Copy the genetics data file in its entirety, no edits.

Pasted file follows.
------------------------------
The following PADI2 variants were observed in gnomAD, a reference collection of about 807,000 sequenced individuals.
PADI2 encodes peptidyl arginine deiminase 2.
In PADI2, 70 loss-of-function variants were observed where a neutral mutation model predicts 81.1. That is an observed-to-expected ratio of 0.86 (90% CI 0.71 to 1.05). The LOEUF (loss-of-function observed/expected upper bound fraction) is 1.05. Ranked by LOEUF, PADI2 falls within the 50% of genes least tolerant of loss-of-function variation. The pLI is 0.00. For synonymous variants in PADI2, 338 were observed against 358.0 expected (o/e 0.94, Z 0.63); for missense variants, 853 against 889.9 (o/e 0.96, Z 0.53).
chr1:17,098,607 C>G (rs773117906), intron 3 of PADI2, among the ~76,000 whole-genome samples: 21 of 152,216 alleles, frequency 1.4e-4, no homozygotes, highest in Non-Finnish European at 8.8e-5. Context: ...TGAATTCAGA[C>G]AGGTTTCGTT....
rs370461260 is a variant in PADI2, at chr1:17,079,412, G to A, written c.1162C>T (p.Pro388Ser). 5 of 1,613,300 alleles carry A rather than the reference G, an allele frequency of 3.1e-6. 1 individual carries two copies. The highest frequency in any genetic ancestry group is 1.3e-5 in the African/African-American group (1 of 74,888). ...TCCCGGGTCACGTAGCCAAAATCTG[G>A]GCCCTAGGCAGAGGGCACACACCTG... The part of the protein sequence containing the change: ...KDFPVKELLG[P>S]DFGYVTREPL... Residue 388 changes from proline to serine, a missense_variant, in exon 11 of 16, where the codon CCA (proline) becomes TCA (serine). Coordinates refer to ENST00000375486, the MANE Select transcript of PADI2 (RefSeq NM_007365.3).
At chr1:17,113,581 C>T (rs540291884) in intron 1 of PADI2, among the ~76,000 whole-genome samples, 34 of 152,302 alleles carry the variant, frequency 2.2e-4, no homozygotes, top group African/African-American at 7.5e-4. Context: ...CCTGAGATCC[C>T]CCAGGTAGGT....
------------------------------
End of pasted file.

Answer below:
The following PADI2 variants were observed in gnomAD, a reference collection of about 807,000 sequenced individuals.
PADI2 encodes peptidyl arginine deiminase 2.
In PADI2, 70 loss-of-function variants were observed where a neutral mutation model predicts 81.1. That is an observed-to-expected ratio of 0.86 (90% CI 0.71 to 1.05). The LOEUF (loss-of-function observed/expected upper bound fraction) is 1.05. Ranked by LOEUF, PADI2 falls within the 50% of genes least tolerant of loss-of-function variation. The pLI is 0.00. For synonymous variants in PADI2, 338 were observed against 358.0 expected (o/e 0.94, Z 0.63); for missense variants, 853 against 889.9 (o/e 0.96, Z 0.53).
chr1:17,098,607 C>G (rs773117906), intron 3 of PADI2, among the ~76,000 whole-genome samples: 21 of 152,216 alleles, frequency 1.4e-4, no homozygotes, highest in Non-Finnish European at 8.8e-5. Context: ...TGAATTCAGA[C>G]AGGTTTCGTT....
rs370461260 is a variant in PADI2, at chr1:17,079,412, G to A, written c.1162C>T (p.Pro388Ser). 5 of 1,613,300 alleles carry A rather than the reference G, an allele frequency of 3.1e-6. 1 individual carries two copies. The highest frequency in any genetic ancestry group is 1.3e-5 in the African/African-American group (1 of 74,888). ...TCCCGGGTCACGTAGCCAAAATCTG[G>A]GCCCTAGGCAGAGGGCACACACCTG... The part of the protein sequence containing the change: ...KDFPVKELLG[P>S]DFGYVTREPL... Residue 388 changes from proline to serine, a missense_variant, in exon 11 of 16, where the codon CCA (proline) becomes TCA (serine). Coordinates refer to ENST00000375486, the MANE Select transcript of PADI2 (RefSeq NM_007365.3).
At chr1:17,113,581 C>T (rs540291884) in intron 1 of PADI2, among the ~76,000 whole-genome samples, 34 of 152,302 alleles carry the variant, frequency 2.2e-4, no homozygotes, top group African/African-American at 7.5e-4. Context: ...CCTGAGATCC[C>T]CCAGGTAGGT....